"Fixing A Hole" is a baroque style pop song with Paul singing. The lyrics are quite funny when you think about them. The lines "see the people standing there who disagree and never win, and wonder why they don't get past my door" are about groupies and fans waiting outside their doors trying to hang out with The Beatles. A funny story: “The funny thing about that was the night when we were going to record it, at Regent Sound Studios at Tottenham Court Road. I brought a guy who was Jesus. A guy arrived at my front gate and I said ‘Yes? Hello’ because I always used to answer it to everyone. If they were boring I would say, ‘Sorry, no,’ and they generally went away. This guy said, ‘I’m Jesus Christ.’ I said, ‘Oop,’ slightly shocked. I said, ‘Well, you’d better come in then.’ I thought, ‘Well, it probably isn’t. But if he is, I’m not going to be the one to turn him away’. So I gave him a cup of tea and we just chatted and I asked, ‘Why do you think you are Jesus?’ There were a lot of casualties about then. We used to get a lot of people who were maybe insecure or going through emotional breakdowns or whatever. So I said, ‘I’ve got to go to a session but if you promise to be very quiet and just sit in a corner, you can come.’ So he did, he came to the session and he did sit very quietly and I never saw him after that. I introduced him to the guys. They said, ‘Who’s this?’ I said, ‘He’s Jesus Christ.’ We had a bit of a giggle over that.”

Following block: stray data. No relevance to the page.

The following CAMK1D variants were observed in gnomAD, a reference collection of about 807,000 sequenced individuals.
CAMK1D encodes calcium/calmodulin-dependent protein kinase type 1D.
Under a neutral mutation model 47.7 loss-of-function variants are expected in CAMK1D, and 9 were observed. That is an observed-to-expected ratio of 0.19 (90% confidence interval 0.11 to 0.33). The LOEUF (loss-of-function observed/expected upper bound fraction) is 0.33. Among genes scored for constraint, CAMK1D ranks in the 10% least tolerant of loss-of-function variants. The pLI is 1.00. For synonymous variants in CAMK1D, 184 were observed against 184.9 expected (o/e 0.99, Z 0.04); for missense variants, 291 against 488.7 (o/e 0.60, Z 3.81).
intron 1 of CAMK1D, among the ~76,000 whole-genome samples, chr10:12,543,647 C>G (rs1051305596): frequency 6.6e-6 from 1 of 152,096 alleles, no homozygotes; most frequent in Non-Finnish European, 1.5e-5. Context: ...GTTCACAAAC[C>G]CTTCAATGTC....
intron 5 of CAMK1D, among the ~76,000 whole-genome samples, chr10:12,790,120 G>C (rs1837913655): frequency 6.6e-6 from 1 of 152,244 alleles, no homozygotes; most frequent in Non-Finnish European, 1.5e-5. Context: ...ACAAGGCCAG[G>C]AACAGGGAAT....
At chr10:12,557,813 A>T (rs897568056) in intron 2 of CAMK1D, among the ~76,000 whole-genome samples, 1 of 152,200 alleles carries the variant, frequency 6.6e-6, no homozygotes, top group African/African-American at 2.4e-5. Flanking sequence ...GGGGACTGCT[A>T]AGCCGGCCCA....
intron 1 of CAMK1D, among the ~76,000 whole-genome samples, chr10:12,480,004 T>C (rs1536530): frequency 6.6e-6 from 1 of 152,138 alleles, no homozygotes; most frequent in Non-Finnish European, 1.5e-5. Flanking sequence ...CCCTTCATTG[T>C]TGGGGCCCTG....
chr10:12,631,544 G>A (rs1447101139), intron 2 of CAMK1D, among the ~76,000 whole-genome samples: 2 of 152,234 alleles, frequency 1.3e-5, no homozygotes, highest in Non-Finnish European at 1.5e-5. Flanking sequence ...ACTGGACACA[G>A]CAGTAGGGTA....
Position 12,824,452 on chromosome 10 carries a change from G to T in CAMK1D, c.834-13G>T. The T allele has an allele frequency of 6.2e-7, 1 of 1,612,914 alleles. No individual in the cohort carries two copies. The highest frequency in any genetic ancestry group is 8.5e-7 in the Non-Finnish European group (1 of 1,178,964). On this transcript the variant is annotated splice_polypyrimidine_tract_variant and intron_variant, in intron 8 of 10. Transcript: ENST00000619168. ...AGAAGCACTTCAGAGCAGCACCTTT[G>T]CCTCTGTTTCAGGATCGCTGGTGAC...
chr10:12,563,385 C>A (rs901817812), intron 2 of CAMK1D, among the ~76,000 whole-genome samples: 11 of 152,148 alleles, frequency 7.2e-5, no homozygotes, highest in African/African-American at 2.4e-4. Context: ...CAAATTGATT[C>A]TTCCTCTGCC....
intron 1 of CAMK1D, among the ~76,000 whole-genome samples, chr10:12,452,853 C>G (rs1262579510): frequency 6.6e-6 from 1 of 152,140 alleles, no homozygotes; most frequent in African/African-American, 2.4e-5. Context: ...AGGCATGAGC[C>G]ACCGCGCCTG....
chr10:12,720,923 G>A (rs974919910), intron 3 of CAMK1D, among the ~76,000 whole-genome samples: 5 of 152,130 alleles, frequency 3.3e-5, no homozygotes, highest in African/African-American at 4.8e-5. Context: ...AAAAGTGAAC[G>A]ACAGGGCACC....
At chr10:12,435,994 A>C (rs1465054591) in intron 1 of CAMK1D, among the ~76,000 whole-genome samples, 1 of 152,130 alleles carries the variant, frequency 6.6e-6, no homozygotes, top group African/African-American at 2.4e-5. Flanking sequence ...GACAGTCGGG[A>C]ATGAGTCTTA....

"She's Leaving Home" is the sixth song on the album and is sung by Paul. It's about a newspaper article where a girl went to live with her older boyfriend.

The next song is the seventh on the album, "Being For The Benefit For Mr. Kite!" is another song written about a poster/newspaper ad. Paul plays this at his recent shows and it's not one of my favorites to hear, but it's special because he said it obviously was recorded as a track they knew they would never perform in concert (they stopped touring years prior). So he likes to challenge himself to play it live recently.

Another Indian influenced song by George, this one is "Within You Without You." It's one of my favorite George/Beatle songs. I think it is extremely underrated. The lyrics in this song are so beautiful.

We were talking about the space between us all
And the people who hide themselves behind a wall of illusion

Never glimpse the truth
Then it's far too late when they pass away

We were talking about the love we all could share
When we find it to try our best to hold it there with our love